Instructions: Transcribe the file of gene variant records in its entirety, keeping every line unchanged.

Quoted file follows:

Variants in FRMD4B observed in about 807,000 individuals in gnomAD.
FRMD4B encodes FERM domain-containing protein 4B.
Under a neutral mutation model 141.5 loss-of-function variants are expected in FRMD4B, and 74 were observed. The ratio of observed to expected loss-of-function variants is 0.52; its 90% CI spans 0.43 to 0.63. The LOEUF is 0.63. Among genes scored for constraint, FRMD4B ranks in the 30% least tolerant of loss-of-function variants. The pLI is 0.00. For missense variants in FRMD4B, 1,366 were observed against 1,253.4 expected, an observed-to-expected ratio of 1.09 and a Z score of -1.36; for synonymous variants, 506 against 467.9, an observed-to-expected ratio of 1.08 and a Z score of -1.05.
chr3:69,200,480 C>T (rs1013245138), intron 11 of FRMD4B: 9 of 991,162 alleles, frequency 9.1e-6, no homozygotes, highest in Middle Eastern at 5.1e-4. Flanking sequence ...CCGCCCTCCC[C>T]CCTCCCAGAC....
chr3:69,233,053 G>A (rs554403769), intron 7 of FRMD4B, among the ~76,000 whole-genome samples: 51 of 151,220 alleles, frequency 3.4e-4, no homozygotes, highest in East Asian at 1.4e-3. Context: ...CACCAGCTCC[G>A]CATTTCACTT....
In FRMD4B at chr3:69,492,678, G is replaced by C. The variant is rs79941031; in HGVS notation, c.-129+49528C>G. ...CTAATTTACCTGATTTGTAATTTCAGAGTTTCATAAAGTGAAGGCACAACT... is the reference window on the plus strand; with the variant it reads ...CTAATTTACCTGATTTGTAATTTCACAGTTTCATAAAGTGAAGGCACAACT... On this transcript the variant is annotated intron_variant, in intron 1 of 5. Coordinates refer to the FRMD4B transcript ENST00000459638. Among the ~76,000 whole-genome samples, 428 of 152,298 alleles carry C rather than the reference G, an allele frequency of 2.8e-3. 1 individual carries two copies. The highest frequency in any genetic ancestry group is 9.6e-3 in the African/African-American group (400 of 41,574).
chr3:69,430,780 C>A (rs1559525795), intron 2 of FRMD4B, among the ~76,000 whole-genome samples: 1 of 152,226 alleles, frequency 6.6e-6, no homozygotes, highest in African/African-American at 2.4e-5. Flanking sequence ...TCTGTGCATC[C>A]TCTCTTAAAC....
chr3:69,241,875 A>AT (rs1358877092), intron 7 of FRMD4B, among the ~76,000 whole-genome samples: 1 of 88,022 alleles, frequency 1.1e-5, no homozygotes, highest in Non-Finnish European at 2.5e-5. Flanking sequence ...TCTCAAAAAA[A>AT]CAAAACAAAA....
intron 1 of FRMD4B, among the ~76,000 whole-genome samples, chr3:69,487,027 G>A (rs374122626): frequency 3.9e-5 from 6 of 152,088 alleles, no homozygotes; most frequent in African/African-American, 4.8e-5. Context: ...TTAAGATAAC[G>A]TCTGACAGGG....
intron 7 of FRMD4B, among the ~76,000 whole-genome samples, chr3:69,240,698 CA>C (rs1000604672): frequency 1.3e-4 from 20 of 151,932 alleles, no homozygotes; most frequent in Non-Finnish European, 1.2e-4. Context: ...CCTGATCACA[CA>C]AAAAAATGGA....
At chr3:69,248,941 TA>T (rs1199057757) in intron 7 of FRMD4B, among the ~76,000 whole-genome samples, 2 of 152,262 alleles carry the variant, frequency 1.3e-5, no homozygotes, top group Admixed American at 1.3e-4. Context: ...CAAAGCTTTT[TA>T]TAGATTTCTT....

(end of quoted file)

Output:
Variants in FRMD4B observed in about 807,000 individuals in gnomAD.
FRMD4B encodes FERM domain-containing protein 4B.
Under a neutral mutation model 141.5 loss-of-function variants are expected in FRMD4B, and 74 were observed. The ratio of observed to expected loss-of-function variants is 0.52; its 90% CI spans 0.43 to 0.63. The LOEUF is 0.63. Among genes scored for constraint, FRMD4B ranks in the 30% least tolerant of loss-of-function variants. The pLI is 0.00. For missense variants in FRMD4B, 1,366 were observed against 1,253.4 expected, an observed-to-expected ratio of 1.09 and a Z score of -1.36; for synonymous variants, 506 against 467.9, an observed-to-expected ratio of 1.08 and a Z score of -1.05.
chr3:69,200,480 C>T (rs1013245138), intron 11 of FRMD4B: 9 of 991,162 alleles, frequency 9.1e-6, no homozygotes, highest in Middle Eastern at 5.1e-4. Flanking sequence ...CCGCCCTCCC[C>T]CCTCCCAGAC....
chr3:69,233,053 G>A (rs554403769), intron 7 of FRMD4B, among the ~76,000 whole-genome samples: 51 of 151,220 alleles, frequency 3.4e-4, no homozygotes, highest in East Asian at 1.4e-3. Context: ...CACCAGCTCC[G>A]CATTTCACTT....
In FRMD4B at chr3:69,492,678, G is replaced by C. The variant is rs79941031; in HGVS notation, c.-129+49528C>G. ...CTAATTTACCTGATTTGTAATTTCAGAGTTTCATAAAGTGAAGGCACAACT... is the reference window on the plus strand; with the variant it reads ...CTAATTTACCTGATTTGTAATTTCACAGTTTCATAAAGTGAAGGCACAACT... On this transcript the variant is annotated intron_variant, in intron 1 of 5. Coordinates refer to the FRMD4B transcript ENST00000459638. Among the ~76,000 whole-genome samples, 428 of 152,298 alleles carry C rather than the reference G, an allele frequency of 2.8e-3. 1 individual carries two copies. The highest frequency in any genetic ancestry group is 9.6e-3 in the African/African-American group (400 of 41,574).
chr3:69,430,780 C>A (rs1559525795), intron 2 of FRMD4B, among the ~76,000 whole-genome samples: 1 of 152,226 alleles, frequency 6.6e-6, no homozygotes, highest in African/African-American at 2.4e-5. Flanking sequence ...TCTGTGCATC[C>A]TCTCTTAAAC....
chr3:69,241,875 A>AT (rs1358877092), intron 7 of FRMD4B, among the ~76,000 whole-genome samples: 1 of 88,022 alleles, frequency 1.1e-5, no homozygotes, highest in Non-Finnish European at 2.5e-5. Flanking sequence ...TCTCAAAAAA[A>AT]CAAAACAAAA....
intron 1 of FRMD4B, among the ~76,000 whole-genome samples, chr3:69,487,027 G>A (rs374122626): frequency 3.9e-5 from 6 of 152,088 alleles, no homozygotes; most frequent in African/African-American, 4.8e-5. Context: ...TTAAGATAAC[G>A]TCTGACAGGG....
intron 7 of FRMD4B, among the ~76,000 whole-genome samples, chr3:69,240,698 CA>C (rs1000604672): frequency 1.3e-4 from 20 of 151,932 alleles, no homozygotes; most frequent in Non-Finnish European, 1.2e-4. Context: ...CCTGATCACA[CA>C]AAAAAATGGA....
At chr3:69,248,941 TA>T (rs1199057757) in intron 7 of FRMD4B, among the ~76,000 whole-genome samples, 2 of 152,262 alleles carry the variant, frequency 1.3e-5, no homozygotes, top group Admixed American at 1.3e-4. Context: ...CAAAGCTTTT[TA>T]TAGATTTCTT....